Politico quotes VP and Scowcroft Center Director Barry Pavel on the strategy President Obama announced for combating the threat of the Islamic State of Iraq and al-Sham:
Barry Pavel, director of the Atlantic Council’s Brent Scowcroft Center on International Security, said Washington must make the future of Assad part of its strategy up front, or risk leaving a Syrian “petri dish” for extremist groups like ISIL, also known as ISIS.
“What I fear the most is … if we’re in Syria and we’re trying very hard to take out ISIS targets and we don’t do anything against Assad, then I fear that in six months or a year or two years the next ISIS that sprouts up will be even more virulent and more dangerous than the current ISIS.”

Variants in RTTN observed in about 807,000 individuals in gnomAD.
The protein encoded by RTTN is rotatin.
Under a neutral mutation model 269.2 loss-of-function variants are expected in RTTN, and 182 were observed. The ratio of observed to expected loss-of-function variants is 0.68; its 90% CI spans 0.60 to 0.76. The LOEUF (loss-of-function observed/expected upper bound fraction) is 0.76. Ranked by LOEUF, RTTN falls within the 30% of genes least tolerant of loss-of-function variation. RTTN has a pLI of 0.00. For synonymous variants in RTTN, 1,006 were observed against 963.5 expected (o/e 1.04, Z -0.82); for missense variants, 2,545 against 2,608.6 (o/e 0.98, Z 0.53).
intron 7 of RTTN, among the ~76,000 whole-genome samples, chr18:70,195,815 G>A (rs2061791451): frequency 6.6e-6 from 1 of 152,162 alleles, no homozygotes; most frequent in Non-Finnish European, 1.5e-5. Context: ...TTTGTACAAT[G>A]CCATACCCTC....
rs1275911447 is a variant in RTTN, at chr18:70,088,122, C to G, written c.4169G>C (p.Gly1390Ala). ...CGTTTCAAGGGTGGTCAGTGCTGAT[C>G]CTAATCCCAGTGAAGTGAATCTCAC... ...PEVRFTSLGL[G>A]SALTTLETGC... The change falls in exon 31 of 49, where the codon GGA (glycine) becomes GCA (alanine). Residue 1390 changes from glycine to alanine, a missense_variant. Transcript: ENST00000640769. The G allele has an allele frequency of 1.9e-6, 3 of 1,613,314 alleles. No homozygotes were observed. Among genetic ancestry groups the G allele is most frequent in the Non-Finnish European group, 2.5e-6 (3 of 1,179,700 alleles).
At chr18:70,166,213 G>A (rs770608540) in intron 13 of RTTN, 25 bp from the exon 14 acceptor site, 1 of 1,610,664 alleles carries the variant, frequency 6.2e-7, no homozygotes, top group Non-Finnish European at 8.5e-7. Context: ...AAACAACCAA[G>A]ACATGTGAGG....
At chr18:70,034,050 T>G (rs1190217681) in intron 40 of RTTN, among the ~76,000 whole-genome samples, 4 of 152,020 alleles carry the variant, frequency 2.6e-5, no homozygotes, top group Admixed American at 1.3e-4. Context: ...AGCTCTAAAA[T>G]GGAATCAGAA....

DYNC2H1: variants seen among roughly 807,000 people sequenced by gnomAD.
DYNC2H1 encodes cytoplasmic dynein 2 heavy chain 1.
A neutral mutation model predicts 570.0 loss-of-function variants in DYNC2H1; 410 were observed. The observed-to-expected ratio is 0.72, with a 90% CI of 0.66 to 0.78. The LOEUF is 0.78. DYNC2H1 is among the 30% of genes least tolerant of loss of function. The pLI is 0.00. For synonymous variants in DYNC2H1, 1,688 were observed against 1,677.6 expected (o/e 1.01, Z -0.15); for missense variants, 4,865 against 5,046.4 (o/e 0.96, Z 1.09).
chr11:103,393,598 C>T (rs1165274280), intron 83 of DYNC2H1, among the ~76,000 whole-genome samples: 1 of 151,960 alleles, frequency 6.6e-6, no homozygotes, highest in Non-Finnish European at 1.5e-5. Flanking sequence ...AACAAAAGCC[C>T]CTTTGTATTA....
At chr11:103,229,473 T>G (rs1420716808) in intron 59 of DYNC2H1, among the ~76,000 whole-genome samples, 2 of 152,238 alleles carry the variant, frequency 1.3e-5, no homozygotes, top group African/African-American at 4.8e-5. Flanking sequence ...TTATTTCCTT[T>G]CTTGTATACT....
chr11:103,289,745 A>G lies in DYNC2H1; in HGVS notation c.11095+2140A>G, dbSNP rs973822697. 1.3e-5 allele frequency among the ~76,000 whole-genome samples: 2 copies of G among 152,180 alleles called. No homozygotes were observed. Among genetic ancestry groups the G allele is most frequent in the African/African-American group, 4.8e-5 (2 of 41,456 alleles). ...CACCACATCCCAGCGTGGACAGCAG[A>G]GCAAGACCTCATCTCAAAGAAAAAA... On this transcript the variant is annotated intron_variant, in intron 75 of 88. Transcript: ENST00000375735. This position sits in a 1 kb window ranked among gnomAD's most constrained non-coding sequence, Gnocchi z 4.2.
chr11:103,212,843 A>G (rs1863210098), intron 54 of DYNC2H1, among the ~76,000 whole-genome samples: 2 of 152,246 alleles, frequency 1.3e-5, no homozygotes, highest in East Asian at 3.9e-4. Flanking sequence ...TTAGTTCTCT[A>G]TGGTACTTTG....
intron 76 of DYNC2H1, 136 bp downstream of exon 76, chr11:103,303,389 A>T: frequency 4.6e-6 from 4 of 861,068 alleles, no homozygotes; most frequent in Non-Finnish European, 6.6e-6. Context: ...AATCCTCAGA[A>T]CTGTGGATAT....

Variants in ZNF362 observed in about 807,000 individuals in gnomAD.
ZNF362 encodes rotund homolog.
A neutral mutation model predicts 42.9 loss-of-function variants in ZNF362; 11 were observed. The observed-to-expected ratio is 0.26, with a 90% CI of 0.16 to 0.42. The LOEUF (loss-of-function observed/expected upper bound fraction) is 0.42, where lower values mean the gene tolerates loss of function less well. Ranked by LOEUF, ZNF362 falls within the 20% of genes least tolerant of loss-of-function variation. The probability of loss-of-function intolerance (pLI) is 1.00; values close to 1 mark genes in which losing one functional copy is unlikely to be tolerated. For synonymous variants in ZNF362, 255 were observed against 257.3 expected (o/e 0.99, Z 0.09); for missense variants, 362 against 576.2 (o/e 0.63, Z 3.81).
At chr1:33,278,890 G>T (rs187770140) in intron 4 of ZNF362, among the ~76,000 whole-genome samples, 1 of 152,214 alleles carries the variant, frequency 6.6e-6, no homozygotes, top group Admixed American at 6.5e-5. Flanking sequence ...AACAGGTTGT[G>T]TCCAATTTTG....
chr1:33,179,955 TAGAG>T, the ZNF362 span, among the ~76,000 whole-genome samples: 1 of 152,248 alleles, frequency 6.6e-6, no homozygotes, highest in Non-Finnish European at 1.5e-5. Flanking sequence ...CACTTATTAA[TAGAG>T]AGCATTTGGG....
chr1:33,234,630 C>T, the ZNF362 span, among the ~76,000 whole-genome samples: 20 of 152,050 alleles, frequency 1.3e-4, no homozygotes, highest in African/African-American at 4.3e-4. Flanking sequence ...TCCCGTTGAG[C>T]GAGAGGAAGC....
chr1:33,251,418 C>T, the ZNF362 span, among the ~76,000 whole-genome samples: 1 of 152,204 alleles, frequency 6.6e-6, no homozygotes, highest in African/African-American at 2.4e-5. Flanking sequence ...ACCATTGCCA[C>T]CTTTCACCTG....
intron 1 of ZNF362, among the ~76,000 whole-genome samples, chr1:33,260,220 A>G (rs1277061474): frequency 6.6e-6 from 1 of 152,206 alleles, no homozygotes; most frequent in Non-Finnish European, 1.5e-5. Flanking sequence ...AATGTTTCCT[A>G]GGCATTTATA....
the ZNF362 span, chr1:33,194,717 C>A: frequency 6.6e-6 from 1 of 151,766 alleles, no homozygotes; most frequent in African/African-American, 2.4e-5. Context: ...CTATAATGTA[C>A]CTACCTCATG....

Whether he meant to or not, Pavel said, Obama has sent Syrians this message: 200,000 deaths in the civil war can’t prompt U.S. action, but the deaths of two Americans — journalists beheaded in gruesome ISIL online videos — were enough to tip the scales. Washington needs a comprehensive plan for Syria, he said, because without it people there have no incentive to repudiate extremist groups.
“They’ve lost their homes, they’ve lost their jobs, their dignity, they’ve lost everything — and they have probably little left to lose,” Pavel said. “You’re talking about a significant population that Assad’s been attacking for over three years that’s probably in a stage of rage, and that rage is the kind of feeling that has fueled ISIS and Assad’s been exploiting that.
“While we’re there,” he said, “if we don’t deal [with the] Free Syrian Army to make progress on that course, on that line of activity, we could end up making things worse in Syria even as we’re achieving tactical victories in Iraq.”